BUT........having said that how true are these statements?

"You must take charge of your treatment as the doctor has a different agenda than you do."
Dr Charles 'Snuffy' Myers

Unfortunately, we appear to be living in a time when physician income is more important than patient outcome.
Dr Stephen Strum

Doctors know more about Medicine than non-doctors, and that's why patients seek their assistance. But they all have their bias.
Dr Jonathan Oppenheimer

This interesting piece, which I came across while looking for something else, gives an insight into the question of what our doctors tell us and when Of truth, partial truth, and outright lying to patients



Beckman Coulter announced at the end of last month that their non-invasive Prostate Health Index (phi) test had received preliminary approval from the U.S. Food and Drug Administration (FDA). They claim that which they claim provides better prostate cancer detection and lowers healthcare costs. The approval allows the test to be used by licensed laboratories only at this stage.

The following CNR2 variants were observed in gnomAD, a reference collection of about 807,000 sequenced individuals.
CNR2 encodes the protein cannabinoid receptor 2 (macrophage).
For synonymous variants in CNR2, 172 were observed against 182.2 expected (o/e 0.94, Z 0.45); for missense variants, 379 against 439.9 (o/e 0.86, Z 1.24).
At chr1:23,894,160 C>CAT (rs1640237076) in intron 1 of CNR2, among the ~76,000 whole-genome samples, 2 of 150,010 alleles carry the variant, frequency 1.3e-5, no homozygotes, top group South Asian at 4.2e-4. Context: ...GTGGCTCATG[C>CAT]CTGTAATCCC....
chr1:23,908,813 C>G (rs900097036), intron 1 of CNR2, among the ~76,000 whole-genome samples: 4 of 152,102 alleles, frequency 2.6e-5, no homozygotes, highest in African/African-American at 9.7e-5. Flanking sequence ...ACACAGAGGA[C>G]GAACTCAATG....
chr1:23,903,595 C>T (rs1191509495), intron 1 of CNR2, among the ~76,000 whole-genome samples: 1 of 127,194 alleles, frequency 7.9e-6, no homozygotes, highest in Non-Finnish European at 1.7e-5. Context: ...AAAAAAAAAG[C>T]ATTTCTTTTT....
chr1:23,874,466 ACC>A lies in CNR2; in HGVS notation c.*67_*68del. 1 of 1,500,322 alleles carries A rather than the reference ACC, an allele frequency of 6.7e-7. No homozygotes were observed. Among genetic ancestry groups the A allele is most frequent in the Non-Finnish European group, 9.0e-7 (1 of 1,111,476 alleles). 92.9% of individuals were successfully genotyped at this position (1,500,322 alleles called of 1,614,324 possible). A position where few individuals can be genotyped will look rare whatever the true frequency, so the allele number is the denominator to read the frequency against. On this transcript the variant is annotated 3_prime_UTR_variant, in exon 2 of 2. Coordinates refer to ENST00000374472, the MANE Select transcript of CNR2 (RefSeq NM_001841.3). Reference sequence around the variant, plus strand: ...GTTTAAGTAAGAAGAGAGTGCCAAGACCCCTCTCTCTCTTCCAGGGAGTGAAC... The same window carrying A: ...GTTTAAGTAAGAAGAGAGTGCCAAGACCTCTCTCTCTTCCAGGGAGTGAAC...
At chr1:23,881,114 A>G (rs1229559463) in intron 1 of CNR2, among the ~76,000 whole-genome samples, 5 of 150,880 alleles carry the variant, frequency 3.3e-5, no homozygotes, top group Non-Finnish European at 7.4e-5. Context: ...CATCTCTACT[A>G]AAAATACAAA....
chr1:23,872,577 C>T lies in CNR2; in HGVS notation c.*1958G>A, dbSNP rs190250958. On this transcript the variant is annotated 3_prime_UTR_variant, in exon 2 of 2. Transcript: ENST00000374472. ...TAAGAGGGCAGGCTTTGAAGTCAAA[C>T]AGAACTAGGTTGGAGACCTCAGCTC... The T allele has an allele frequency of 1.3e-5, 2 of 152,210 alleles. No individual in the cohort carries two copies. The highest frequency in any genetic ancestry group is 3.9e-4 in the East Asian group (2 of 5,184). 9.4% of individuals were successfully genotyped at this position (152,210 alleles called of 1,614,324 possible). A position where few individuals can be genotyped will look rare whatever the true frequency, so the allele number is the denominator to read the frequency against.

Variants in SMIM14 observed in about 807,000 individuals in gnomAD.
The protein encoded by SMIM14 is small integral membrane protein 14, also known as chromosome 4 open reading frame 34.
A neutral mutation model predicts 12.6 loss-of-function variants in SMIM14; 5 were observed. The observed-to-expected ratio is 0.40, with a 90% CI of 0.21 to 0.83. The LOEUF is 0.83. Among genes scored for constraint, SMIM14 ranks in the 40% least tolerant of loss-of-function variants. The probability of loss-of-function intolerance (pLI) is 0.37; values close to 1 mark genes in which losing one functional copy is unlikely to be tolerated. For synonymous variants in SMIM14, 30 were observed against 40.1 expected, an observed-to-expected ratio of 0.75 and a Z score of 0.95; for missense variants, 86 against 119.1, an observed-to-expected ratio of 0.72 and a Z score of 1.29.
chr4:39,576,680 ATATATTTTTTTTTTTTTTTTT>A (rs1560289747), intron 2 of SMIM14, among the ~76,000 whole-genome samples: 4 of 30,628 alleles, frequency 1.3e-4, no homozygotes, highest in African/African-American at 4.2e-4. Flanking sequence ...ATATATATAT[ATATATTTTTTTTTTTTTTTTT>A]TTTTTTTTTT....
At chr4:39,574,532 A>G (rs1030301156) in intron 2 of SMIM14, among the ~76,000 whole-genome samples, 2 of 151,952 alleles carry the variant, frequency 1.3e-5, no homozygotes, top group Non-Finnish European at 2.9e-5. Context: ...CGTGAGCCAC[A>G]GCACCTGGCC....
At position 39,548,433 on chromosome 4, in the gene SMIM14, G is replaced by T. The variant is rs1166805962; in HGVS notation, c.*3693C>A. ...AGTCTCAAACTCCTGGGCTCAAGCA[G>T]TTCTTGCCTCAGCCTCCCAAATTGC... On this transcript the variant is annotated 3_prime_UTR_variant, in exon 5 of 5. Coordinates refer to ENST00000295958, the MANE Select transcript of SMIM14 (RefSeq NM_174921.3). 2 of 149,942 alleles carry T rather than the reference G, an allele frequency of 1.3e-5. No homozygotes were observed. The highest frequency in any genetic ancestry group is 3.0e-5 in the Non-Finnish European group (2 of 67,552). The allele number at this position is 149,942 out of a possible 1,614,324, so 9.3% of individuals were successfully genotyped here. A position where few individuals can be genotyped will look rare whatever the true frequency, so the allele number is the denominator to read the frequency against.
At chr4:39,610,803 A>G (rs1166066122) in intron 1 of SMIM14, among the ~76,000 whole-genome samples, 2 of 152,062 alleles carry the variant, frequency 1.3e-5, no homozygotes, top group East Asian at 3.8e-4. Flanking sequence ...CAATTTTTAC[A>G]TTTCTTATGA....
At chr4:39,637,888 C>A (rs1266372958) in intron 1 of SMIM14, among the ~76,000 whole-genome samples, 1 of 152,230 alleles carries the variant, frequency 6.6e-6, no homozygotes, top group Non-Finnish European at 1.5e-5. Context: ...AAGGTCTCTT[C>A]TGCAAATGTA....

That was also the position with another "new" test - the PCA3 - which coincidentally received final FDA approval earlier in the month after two years on the preliminary approval list.

How good are these tests? Can they be used instead of the standard PSA tests? It is difficult to answer those questions because both tests use PSA number in calculating their outcomes and thus import the variability and uncertainty of standard PSA tests. When trying to evaluate the efficacy of the various aspects of diagnosis and treatment in the PCA world we are told that we should be guided by studies, but neither of these tests has been used in straight comparative studies against the standard PSA test in a diagnostic setting.

PCA3 is a gene which, so it is claimed that is only expressed in human prostate tissue, as was the original claim for PSA, and which it is claimed is highly over-expressed in prostate cancer. The PCA3 test uses the man's urine. Prior to the urine sample being taken the prostate gland must be "vigorously massaged" to ensure that sufficient PCA3 mRNA and PSA mRNA are released. Urine samples are then processed and tested to quantify the relative concentrations of these genes and the result is calculated using this formula: (mRNA PCA3) / (mRNA PSA) x 1000. It is difficult to understand how consistent PCA3 scores can be developed, given the difficulty in having a standard degree of vigor in the massage process.